SIMBAD references

2005A&A...439..771J - Astronomy and Astrophysics, volume 439, 771-775 (2005/8-4)

Roche lobe effects on expanded upper atmospheres of short-periodic giant exoplanets.


Abstract (from CDS):

Theoretical studies and recent observational evidence of the expansion of the atmospheres of short-periodic exoplanets show that the atmospheres extend up to several planetary radii. This indicates that the atmospheres experience blow-off conditions. Because of the short orbital distance to their host stars, the expansion of the upper atmosphere is no longer radially symmetric, but depends on the direction to the central body, resulting in a deformation of the expanded atmosphere. We show the connection between atmospheric expansion, tidal forces and effects of the Roche potential and find that HD209458 b, OGLE-TR-10 b and OGLE-TR-111 b are most likely in a state of classical hydrodynamical blow-off, because the distance where blow-off can occur is less than the distance to the Lagrangian point L1. On the other hand, OGLE-TR-56 b, OGLE-TR-113 b, OGLE-TR-132 b and TreS-1 experience a geometrical blow-off defined by the Roche lobe as proposed by Lecavelier des Etangs et al. (2004A&A...418L...1L). Our results have important implications for the evolution of short periodic gas giants, because the Roche lobe overflow of the atmosphere can lead to lower mass loss rates over the exoplanets history, compared to gas giants which experience hydrodynamic expansion and loss unaffected by this boundary. Thus, massive exoplanets like OGLE-TR-56 b in very close orbital distances are subject to geometrical blow-off conditions, this results in a total mass loss for this particular exoplanet of the order of about 3x10–2Mpl over the planets age, even if current mass loss rates of about 2x1011g/s are calculated. If the exoplanet effected by the geometrical blow-off is more massive, the mass loss rate is even lower. However, giant exoplanets like HD209458 b, OGLE-TR-10 b and OGLE-TR-111 b at orbital distances of about 0.05 AU may experience classical hydrodynamic blow-off conditions, which can result in higher mass loss rates. Thus, such planets may shrink to their core sizes during the X-ray and EUV active periods of their host stars as proposed by Lammer et al. (2003ApJ...598L.121L) and Baraffe et al. (2004A&A...419L..13B).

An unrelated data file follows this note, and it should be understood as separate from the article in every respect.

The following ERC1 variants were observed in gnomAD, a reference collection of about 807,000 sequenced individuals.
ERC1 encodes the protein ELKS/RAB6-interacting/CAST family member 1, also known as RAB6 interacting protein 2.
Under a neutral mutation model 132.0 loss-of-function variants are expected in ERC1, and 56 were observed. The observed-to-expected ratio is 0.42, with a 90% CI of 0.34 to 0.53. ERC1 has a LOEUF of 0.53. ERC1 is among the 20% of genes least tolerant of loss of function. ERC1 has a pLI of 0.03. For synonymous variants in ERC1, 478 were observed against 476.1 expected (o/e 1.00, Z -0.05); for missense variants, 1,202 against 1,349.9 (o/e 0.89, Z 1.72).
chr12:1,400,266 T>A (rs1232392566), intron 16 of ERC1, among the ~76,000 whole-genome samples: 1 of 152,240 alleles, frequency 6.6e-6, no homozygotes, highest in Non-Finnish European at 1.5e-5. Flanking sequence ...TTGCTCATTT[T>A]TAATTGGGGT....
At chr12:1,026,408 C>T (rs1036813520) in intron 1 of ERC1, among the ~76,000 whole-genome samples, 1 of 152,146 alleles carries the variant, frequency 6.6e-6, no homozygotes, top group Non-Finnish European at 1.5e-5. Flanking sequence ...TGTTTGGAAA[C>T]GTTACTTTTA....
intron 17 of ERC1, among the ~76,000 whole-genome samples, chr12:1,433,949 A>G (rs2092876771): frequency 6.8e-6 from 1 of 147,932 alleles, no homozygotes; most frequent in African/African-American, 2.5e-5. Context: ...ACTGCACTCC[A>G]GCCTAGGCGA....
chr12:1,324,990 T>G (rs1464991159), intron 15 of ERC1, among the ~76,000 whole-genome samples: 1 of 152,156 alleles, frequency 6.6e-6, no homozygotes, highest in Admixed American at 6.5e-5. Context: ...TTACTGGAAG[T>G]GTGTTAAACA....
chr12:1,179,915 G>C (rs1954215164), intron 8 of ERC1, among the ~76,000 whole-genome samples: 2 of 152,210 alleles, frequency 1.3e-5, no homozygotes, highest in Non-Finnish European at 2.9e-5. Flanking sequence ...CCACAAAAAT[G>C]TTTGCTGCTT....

Abstract Copyright:

Journal keyword(s): radiation mechanisms: non-thermal - acceleration of particles - plasmas - turbulence - gamma rays: theory - methods: analytical

Simbad objects: 7

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